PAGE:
The Details Of Portraiture

Photographers, in essence, are storytellers. Instead of words, we use images to tell our stories. In traditional portraiture, we most often focus on the face of our subject to narrate the shot. We look to capture just the right curve of the mouth, the twinkle in the eye or the tilt of the head and rely on facial expressions to reveal the heart and soul of the person in front of our lens. There’s so much more to telling the whole story than that.


It’s not merely the details alone that will speak effectively in a portrait; it’s how the details are captured. Consider ways to best feature the key elements of your shot and frame them accordingly. When working with children, you have to take into consideration size and perspective. Getting low and shooting from near ground level gives you the ability to reveal details of your small subject in a way that not only is interesting, but relevant. Tracey Clark reflects, “Beyond a simple summer afternoon of play, this image is about my daughter growing up. Capturing this milestone by focusing on color, texture and the gesture of my daughter as she masters riding a two-wheeler, I was able to narrate the story beautifully, just as it was and just as I want to remember it.” —Photo by Tracey Clark

In our new book, Expressive Photography: A Shutter Sisters’ Guide to Shooting from the Heart, we introduce another approach to portraiture: focusing on the details. Although often overlooked, the small gestures and subtle nuances of your subject often can tell you more about them than any headshot ever could. Co-author Andrea Scher adds, “A subject’s spirit can live in the tiniest details—that perfect brooch, the gesture of her hands, the tiniest rose peeking out of a pocket. As photographers, we get to notice it all. As seers and story-framers, we get to make these powerful choices: What story do we want to tell? Where do we want the viewer to look? What do we want them to notice?”


When you’re a child, everything seems larger than life. Keeping this in mind as you shoot will help you focus on what’s important to your young subject. By pointing your lens at something as simple as a slushy, you can compose delightfully unexpected portraits while at the same time translating a scene that’s universally relatable. The color, composition and the gesture of the young girl work together in creating a playful portrait. “Beyond the blue drink and dirty hands, it’s the remnant of her one fingernail with the chipped polish that makes the whole photograph for me,” muses co-author Maile Wilson. “It goes to show that stories can be interpreted in the smallest of details.” —Photo by Tracey Clark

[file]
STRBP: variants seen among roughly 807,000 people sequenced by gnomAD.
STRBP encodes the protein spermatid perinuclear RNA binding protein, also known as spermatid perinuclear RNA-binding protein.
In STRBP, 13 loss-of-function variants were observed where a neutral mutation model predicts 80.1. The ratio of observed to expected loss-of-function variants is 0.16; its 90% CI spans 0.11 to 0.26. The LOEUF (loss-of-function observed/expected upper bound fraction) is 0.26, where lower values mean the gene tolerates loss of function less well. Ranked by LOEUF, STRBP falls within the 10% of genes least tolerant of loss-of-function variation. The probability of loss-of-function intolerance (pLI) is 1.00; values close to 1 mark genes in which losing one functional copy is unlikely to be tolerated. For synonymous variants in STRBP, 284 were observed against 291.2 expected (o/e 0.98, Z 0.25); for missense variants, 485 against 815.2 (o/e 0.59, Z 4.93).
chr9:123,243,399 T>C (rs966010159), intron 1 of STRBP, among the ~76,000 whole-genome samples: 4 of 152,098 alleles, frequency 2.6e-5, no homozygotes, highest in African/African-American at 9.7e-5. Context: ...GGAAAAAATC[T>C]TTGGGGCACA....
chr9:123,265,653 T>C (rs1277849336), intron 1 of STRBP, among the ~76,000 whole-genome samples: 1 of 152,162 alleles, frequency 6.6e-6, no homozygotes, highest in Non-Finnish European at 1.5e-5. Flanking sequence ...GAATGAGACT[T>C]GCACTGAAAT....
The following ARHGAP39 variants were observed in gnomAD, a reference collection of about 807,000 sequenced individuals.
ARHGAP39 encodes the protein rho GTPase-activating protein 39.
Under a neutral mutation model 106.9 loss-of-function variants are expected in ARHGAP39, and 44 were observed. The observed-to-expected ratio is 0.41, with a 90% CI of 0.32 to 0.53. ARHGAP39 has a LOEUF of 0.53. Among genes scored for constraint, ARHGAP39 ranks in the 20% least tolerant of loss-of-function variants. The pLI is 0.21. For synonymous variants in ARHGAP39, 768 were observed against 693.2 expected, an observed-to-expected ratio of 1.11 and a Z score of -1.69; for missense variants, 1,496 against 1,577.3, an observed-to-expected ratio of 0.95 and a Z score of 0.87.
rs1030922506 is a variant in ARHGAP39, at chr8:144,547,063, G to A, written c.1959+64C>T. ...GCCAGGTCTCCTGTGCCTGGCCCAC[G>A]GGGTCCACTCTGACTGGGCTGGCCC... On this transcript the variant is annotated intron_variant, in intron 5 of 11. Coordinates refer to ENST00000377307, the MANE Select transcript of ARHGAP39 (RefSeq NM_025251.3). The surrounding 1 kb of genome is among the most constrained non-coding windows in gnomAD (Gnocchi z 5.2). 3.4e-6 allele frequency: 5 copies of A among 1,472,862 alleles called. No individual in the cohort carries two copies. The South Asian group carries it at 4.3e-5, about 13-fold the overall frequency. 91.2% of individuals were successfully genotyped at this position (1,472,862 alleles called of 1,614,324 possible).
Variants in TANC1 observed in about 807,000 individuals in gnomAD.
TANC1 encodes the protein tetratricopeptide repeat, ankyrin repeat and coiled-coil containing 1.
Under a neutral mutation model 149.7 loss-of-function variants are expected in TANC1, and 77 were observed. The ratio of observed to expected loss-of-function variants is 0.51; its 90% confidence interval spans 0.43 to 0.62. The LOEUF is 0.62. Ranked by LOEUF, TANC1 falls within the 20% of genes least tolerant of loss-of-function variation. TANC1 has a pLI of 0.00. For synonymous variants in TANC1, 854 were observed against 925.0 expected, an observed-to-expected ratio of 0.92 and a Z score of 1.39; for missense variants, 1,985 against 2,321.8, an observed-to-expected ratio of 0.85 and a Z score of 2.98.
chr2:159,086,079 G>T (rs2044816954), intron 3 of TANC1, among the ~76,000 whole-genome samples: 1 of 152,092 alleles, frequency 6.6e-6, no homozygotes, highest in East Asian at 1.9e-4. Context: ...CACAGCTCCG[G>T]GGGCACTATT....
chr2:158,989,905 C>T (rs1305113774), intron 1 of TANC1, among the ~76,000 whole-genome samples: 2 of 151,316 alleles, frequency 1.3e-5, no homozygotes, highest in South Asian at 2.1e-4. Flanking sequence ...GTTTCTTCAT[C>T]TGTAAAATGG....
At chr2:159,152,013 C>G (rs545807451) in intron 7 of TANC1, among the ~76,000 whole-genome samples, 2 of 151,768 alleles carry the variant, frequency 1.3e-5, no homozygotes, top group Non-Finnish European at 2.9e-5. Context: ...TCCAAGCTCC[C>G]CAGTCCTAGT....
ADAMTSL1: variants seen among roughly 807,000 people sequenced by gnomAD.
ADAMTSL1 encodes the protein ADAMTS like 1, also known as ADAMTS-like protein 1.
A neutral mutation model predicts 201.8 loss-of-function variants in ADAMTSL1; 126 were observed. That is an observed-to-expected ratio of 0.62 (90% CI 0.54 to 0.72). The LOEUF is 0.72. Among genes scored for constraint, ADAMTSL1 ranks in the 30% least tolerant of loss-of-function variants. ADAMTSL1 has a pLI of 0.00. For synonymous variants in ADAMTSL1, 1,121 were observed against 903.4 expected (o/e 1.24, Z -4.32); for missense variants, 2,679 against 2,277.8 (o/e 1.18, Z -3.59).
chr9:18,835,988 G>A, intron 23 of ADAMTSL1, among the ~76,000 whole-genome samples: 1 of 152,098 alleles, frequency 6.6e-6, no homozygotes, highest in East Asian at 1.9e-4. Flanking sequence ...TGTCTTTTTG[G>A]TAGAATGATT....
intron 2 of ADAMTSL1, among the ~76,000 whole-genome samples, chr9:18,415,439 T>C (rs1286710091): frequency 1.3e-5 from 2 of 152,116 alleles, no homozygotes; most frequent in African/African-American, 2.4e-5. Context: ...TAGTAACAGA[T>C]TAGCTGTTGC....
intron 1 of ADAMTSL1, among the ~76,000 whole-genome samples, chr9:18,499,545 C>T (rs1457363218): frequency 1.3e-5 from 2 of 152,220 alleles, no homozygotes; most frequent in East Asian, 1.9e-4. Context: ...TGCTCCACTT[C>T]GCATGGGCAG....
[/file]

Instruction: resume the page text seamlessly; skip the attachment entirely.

When challenging ourselves with questions like these, our entire perspective changes. There’s so much we can reveal about our subjects simply by shifting our focus, moving past mere facial expressions, taking a closer look at the details.


“We are walking on a thin muddy path that borders Agnes’ rice paddy,” remembers photographer Jen Lemen. “This is the land she works with her husband in order to feed her children. Before she obtained the seed capital from BEST, a locally founded NGO, she barely had enough to survive. Her house was nothing more than pieces of sheet metal rigged together with scrap wood and rope. Now she works this land and sleeps in a simple bed in a solid house with the profits of her own labor. “I try to wrap my mind around what it takes to keep this field, this family, alive and thriving. I know I should be watching her hopeful eyes and capable hands for a sign, but all I can see is her feet. How she carefully picks her way through the muddy field, how she knows where to step, how to walk, where to stand. How the immense strength of her spirit carries her, even as the frailty of her body dares her destiny and expands her hope.”—Photo by Jen Lemen


Tips For Discovering The Details


In this single image, Scher reminds us that “Beautiful and telling portraits don’t have to include your subject’s face, as often you can find enough of a story in gestures.” Hands can be a window to the soul, much like eyes can be. The expressions displayed by the hands alone will often reveal the truest and often unspoken feelings of our subjects. Paying attention to what the hands are saying can be one of the most useful tools in capturing nontraditional, yet highly descriptive photographic stories. —Photo by Andrea Scher